Mike Cook hadn't seen time in the majors since 1989, but a trip to the Caribbean got him noticed by the Orioles for 1993 and he had a shot at getting back, The Baltimore Sun wrote that February.
"I'm not setting my sights on being the fifth starter," Cook told The Sun. "I'm just trying to open some eyes, and then if I do, maybe sometime during the year I can get called up."
Cook did get called up that year, getting into two more major league games, the last two of his big league career.
Cook's career began eight years earlier, in 1985, selected by the Angels in the first round of the draft, out of the University of South Carolina. For South Carolina, Cook went 16-2 that year, with a 1.91 ERA, helping the Gamecocks to the College World Series.
That start, though, was was a slow one when Cook broke his leg in a golf cart accident and was out for the year. He got into just two games for single-A Quad City and 10 innings.
After that slow start, Cook would take off in 1986, hitting AA Midland and AAA Edmonton. In between, he made a five-game stop in Anaheim.
Angels manager Gene Mauch called Cook up directly from Midland, after hardly a half season in the minors.
"He's going to be a big league pitcher some day," Mauch told The Los Angeles Times of Cook's quick call-up. "Why not find out now?"
In those five outings, Cook pitched in nine innings, giving up nine earned runs. He returned to the Angels for another 16 outings in 1987. Going into that year, Mauch spoke highly of Cook.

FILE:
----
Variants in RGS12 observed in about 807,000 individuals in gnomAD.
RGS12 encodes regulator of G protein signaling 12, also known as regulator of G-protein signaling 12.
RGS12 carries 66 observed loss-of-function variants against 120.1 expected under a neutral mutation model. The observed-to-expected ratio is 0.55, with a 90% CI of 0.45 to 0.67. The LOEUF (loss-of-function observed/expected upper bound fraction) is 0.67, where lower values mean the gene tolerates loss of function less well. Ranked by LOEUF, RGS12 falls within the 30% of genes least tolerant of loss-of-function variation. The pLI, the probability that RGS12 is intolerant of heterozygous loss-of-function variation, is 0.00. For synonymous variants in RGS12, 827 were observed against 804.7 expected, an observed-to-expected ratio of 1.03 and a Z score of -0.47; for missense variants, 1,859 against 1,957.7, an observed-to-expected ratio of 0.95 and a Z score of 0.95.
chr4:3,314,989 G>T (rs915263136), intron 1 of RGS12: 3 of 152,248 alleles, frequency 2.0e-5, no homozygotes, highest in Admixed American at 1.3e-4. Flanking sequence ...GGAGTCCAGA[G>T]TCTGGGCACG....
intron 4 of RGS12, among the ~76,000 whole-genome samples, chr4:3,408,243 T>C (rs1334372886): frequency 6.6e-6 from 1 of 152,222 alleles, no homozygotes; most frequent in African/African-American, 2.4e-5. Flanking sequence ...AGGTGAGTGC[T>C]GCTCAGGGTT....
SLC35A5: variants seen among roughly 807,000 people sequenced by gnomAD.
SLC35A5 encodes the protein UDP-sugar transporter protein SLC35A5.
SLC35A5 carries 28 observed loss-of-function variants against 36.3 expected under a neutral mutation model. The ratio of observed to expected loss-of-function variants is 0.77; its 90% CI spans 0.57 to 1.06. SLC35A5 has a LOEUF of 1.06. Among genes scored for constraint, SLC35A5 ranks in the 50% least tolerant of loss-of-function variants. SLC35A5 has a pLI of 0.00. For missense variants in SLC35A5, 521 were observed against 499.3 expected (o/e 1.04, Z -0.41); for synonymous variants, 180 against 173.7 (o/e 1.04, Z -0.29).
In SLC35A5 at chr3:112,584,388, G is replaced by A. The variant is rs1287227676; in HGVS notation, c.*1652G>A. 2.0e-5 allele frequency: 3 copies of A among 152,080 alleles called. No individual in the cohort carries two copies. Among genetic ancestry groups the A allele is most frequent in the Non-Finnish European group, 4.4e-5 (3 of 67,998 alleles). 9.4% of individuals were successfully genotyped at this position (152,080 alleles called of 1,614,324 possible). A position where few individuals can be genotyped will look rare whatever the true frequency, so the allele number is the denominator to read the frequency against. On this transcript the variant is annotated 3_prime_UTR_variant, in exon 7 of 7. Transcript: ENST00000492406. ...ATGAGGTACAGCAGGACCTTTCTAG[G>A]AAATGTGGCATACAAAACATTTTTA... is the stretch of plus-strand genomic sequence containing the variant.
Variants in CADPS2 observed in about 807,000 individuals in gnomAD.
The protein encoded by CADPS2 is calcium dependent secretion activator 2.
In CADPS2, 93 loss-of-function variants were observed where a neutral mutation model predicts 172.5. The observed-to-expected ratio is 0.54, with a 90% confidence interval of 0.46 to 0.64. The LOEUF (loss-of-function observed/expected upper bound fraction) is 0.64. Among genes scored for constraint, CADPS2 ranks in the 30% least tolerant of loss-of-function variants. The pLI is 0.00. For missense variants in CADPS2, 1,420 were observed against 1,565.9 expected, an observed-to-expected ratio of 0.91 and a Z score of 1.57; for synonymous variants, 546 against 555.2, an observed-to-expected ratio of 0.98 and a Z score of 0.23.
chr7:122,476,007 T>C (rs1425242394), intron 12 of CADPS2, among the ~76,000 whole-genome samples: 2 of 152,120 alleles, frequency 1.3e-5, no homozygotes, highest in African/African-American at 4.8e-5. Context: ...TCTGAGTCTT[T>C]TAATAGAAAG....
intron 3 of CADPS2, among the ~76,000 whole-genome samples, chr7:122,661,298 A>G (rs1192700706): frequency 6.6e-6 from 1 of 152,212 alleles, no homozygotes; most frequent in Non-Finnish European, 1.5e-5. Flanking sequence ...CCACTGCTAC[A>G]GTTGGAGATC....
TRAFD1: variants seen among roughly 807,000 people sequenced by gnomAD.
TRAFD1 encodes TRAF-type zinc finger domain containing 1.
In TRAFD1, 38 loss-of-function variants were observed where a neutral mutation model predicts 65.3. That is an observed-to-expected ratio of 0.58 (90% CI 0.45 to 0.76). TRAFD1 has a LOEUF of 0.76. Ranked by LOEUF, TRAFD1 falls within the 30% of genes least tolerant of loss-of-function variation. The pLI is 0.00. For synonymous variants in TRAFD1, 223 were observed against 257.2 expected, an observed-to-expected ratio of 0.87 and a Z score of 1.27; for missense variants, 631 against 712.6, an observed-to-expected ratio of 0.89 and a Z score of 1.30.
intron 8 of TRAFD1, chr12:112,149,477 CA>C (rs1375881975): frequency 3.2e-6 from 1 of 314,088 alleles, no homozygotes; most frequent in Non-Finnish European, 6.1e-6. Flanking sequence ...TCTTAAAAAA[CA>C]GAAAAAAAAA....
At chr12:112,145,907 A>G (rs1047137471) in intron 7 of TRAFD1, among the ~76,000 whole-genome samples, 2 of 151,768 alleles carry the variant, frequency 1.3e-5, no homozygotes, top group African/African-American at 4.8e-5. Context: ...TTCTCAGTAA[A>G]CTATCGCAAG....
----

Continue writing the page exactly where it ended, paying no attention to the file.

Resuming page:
"How does Cook stand with me? Tall," Mauch told The Times as spring came to a close. Mauch added later, "He probably feels 'Oh, I better be perfect every time out there.' He probably figures he's on trial. That's not exactly accurate, although I haven't told him otherwise."
Cook spent April and May with the big club, but was sent back down in June. He got one start and 15 relief appearances. In 34.1 innings, he gave up 21 earned runs.
"I was very inconsistent - two games good, two games bad," Cook told The Times after being sent down. "You can't expect to stay around pitching like that."
Cook got into just three games for the Angels the next year, then 15 for the Twins in 1989. He stayed with the Twins for 1990, playing at AAA Portland. He then went through the Mariners and Cardinals systems, without getting called back.
Then he went to Puerto Rico after his 1993 season, and was named to the All-Winter League team. He also signed with the Orioles.
"Every report I got this winter said this guy could be a sleeper," Orioles manager Johnny Oates told The Sun in March. "I couldn't wait to see him throw."
Cook got back to the majors Sept. 29 with one inning of work. Two more innings Oct. 3 and Cook's major league career was done. He played one more season, largely with the Mets at AAA Tidewater, and Cook's playing days were done.
- Charleston News and Courier, staff and wire reports, June 15, 1985: Angels, Cook reach contract agreement
- Rock Hill Herald, Associated Press, July 11, 1985: USC's Cook breaks leg playing golf
- Los Angeles Times, July 2, 1986: Can't Keep 'Em Down on the Farm
- Los Angeles Times, April 1, 1987: Angel Notebook
- Los Angeles Times, June 10, 1987: Angels' 6-5 Win Is Anything but Pretty
- Baltimore Sun, Feb. 23, 1993: Journeymen like prospects with O's
- Baltimore Sun, March 8, 1993: Oates determined to give Cook an extended look at spring training